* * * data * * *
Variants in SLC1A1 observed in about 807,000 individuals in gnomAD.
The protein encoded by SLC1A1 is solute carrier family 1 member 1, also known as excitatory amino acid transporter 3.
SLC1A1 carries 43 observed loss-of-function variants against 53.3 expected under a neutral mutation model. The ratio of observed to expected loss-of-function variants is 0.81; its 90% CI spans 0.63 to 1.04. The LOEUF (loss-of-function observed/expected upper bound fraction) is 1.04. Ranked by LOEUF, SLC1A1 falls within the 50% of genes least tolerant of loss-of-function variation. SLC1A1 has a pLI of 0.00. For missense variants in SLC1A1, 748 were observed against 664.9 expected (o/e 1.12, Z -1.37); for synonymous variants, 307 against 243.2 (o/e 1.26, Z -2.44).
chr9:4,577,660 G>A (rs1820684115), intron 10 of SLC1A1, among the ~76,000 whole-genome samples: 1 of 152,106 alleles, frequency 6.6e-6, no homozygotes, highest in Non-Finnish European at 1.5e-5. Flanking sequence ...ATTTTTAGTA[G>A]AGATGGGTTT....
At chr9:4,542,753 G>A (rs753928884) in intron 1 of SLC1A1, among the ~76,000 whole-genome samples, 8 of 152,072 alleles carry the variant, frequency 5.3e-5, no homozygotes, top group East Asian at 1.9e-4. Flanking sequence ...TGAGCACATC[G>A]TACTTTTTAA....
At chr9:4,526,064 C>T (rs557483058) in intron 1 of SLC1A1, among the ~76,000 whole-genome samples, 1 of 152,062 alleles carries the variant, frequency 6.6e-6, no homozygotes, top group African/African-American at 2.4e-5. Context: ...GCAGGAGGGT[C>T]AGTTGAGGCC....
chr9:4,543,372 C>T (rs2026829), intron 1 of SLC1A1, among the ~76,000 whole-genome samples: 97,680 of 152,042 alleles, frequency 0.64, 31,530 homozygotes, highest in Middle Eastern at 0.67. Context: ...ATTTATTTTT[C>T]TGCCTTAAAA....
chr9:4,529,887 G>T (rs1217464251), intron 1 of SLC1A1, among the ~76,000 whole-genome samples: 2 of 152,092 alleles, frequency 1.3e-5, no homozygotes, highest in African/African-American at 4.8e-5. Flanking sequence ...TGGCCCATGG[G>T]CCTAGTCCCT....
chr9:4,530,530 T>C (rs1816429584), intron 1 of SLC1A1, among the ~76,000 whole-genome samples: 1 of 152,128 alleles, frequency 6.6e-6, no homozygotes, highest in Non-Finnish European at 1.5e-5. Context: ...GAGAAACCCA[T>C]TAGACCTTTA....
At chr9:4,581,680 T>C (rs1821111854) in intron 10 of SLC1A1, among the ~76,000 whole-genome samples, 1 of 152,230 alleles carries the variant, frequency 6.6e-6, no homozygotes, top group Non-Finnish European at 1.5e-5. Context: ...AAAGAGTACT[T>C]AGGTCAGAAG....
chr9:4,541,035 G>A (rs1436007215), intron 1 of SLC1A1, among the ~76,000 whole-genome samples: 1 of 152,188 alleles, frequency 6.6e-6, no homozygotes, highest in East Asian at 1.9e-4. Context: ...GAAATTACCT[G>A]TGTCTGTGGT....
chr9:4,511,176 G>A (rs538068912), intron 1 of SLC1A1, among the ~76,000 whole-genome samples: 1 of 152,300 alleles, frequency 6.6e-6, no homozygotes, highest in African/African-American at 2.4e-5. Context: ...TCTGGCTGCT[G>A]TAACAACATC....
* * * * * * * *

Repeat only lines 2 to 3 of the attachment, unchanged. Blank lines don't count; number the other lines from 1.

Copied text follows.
The protein encoded by SLC1A1 is solute carrier family 1 member 1, also known as excitatory amino acid transporter 3.
SLC1A1 carries 43 observed loss-of-function variants against 53.3 expected under a neutral mutation model. The ratio of observed to expected loss-of-function variants is 0.81; its 90% CI spans 0.63 to 1.04. The LOEUF (loss-of-function observed/expected upper bound fraction) is 1.04. Ranked by LOEUF, SLC1A1 falls within the 50% of genes least tolerant of loss-of-function variation. SLC1A1 has a pLI of 0.00. For missense variants in SLC1A1, 748 were observed against 664.9 expected (o/e 1.12, Z -1.37); for synonymous variants, 307 against 243.2 (o/e 1.26, Z -2.44).